When a language meets another language and goes out for a drink, strange things tend to happen. They would discover they’ve both got seemingly ordinary words in their repertoires meaning entirely different things in another language. In linguistics, these words are called “false friends.” In the big melting pot of diversity that is Exeter Summer School, the discovery of these “false friends” often leads to real friendship and a good laugh.
First, we’ve got the awkward kind-of-funny-but-not-so-much kind of mix. The example here would be French. The ordinary word “farm” has a similar sound with the French word “femme”, which means woman. What’s a little bit more interesting is the fact that the disgusting English word “fart” actually means the adorable word “pet” in French. A girl from France named Samantha Murphy verified these two phenomena. When being asked whether it was strange for these words to have such different meanings, her answer was “when you speak in one language, you think in one language, so its not so weird.”
Next in line is an example of a sharp contrast in meanings. The English word “gift” translated into Germany would actually mean poison. According to Julia Mazzoni, she “know(s) it (the phenomenon) exists, but doesn’t feel too strange about it”, which is a similar answer to Samantha Murphy’s. The challenge of diversity flooding in words hasn’t beaten the students here at Exeter so far.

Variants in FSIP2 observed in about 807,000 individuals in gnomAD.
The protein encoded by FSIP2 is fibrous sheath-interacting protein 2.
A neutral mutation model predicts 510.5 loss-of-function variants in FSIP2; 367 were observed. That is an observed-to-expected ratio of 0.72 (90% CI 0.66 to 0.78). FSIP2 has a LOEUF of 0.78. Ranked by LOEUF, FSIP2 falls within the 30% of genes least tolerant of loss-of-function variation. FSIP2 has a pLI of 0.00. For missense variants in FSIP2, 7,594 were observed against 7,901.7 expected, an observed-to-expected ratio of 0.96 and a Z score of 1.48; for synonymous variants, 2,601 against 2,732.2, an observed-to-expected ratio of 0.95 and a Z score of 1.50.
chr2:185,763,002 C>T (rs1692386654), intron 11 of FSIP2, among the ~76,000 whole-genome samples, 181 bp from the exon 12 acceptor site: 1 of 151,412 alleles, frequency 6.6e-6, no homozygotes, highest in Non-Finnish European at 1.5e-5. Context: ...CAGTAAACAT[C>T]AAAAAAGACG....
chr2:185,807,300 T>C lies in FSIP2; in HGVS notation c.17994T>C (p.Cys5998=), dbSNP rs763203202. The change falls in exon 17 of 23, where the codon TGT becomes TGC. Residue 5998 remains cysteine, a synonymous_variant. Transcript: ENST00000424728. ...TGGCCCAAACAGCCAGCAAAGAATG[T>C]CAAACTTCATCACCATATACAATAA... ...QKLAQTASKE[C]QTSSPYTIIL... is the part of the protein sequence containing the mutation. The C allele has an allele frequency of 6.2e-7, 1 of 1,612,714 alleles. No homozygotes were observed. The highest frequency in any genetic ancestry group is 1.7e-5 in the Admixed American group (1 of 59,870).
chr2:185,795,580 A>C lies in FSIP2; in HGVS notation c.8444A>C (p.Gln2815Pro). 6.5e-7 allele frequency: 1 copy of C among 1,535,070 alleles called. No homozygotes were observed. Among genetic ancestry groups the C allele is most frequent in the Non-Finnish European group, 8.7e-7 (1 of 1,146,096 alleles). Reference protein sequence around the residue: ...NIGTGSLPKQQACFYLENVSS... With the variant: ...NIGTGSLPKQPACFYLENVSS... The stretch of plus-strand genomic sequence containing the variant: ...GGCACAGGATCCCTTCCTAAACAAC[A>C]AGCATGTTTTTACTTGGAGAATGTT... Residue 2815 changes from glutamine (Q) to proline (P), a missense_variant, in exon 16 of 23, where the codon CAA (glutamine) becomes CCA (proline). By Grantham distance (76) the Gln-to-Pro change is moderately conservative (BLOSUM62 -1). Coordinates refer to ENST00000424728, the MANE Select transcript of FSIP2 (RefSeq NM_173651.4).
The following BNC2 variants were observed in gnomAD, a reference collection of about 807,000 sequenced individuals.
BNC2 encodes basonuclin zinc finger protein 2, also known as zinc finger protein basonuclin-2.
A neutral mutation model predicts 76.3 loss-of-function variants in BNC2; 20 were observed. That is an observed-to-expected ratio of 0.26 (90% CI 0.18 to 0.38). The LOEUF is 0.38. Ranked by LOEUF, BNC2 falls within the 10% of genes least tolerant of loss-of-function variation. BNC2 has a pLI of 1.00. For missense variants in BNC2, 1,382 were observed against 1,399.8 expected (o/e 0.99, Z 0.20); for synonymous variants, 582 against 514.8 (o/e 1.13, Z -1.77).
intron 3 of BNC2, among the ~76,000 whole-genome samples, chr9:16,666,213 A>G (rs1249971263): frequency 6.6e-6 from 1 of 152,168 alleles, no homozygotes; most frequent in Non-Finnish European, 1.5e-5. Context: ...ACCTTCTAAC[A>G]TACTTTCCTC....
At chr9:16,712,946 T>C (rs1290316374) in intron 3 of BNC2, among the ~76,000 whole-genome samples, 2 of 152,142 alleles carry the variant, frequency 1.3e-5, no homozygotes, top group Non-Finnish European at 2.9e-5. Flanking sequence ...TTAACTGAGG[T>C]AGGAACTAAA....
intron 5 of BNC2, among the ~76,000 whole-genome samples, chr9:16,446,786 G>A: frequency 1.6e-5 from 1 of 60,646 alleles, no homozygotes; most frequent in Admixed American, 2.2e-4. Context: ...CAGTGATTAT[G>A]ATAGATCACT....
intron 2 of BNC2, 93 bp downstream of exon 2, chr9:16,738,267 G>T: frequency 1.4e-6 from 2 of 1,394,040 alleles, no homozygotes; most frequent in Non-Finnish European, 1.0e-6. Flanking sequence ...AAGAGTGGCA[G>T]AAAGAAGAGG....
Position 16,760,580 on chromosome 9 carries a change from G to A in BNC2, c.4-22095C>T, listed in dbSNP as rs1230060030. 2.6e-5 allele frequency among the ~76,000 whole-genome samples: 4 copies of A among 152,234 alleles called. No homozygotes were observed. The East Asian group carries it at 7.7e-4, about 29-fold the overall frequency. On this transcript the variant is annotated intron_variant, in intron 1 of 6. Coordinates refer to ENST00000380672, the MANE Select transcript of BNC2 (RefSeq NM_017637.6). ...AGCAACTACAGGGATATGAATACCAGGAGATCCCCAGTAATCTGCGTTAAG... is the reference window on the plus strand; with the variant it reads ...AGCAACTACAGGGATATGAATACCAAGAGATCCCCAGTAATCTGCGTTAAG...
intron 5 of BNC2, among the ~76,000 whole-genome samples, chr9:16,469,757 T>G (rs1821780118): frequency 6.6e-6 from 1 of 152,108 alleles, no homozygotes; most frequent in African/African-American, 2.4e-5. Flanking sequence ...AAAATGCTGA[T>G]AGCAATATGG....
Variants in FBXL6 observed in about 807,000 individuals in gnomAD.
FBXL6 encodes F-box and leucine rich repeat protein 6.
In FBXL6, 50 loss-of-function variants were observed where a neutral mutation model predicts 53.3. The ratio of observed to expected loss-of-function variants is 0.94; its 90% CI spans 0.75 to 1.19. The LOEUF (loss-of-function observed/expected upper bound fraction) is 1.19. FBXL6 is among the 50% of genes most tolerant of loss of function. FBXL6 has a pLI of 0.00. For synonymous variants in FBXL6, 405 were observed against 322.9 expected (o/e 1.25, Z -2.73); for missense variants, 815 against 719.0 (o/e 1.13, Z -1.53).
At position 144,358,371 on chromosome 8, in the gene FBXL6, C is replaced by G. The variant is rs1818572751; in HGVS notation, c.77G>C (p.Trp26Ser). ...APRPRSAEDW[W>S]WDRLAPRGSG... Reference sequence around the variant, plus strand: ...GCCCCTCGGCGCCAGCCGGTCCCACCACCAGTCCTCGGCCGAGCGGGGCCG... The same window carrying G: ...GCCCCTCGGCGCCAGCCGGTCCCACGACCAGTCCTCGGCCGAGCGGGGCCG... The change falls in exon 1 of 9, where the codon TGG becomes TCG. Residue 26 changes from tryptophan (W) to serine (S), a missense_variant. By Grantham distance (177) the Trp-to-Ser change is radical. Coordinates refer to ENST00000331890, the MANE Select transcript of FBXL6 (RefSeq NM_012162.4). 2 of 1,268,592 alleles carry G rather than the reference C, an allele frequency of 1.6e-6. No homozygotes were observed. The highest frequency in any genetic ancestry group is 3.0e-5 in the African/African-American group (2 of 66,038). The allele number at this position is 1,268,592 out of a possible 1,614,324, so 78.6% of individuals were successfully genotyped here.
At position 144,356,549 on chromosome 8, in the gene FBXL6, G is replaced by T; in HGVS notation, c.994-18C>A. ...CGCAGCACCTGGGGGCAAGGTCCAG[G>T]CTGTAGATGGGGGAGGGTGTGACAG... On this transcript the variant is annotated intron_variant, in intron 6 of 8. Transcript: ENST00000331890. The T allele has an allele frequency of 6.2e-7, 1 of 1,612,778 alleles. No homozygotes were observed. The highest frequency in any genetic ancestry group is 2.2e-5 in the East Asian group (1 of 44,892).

What’s more, there’s sometimes the awkwardness caused by the lack of vocabulary equivalence in two languages. As listed in Think by Zhongyou Sun, the English word “wonder” can only be translated to the Japanese word “gimon”, which means doubt. So the next time a Japanese kid says “I doubt if you could succeed”, don’t take it the wrong way.
To add to the list, we have the hidden meaning behind normal American names. In Chinese, the name “May” means beautiful. But what’s not so pleasing is the fact that the name “Ben” means stupid. So if your name’s Ben, don’t get too upset, your brilliance has been recognized by everyone around you; but if you happen to have a little brother named Ben who’s always been a pain in the neck, you might just be in luck.
Finally, on the very top of the list, is the magical and difficult language Hebrew. In Hebrew, “me” means who, “who” means “he,” “he” means “she” and “dog” means “fish.” Modern Hebrew is one of the two official languages of Israel. So if you ever find yourself in Israel, be sure to find someone who speaks English and ask them what that’s like.
Diversity makes Exeter what it is today. Like Mohandas K. Gandhi once said, “no culture can live, if it attempts to be exclusive.” The same works with people, if we never meet diverse people, we may never see the world that’s a step away from us. More importantly, we might just miss out on a good laugh.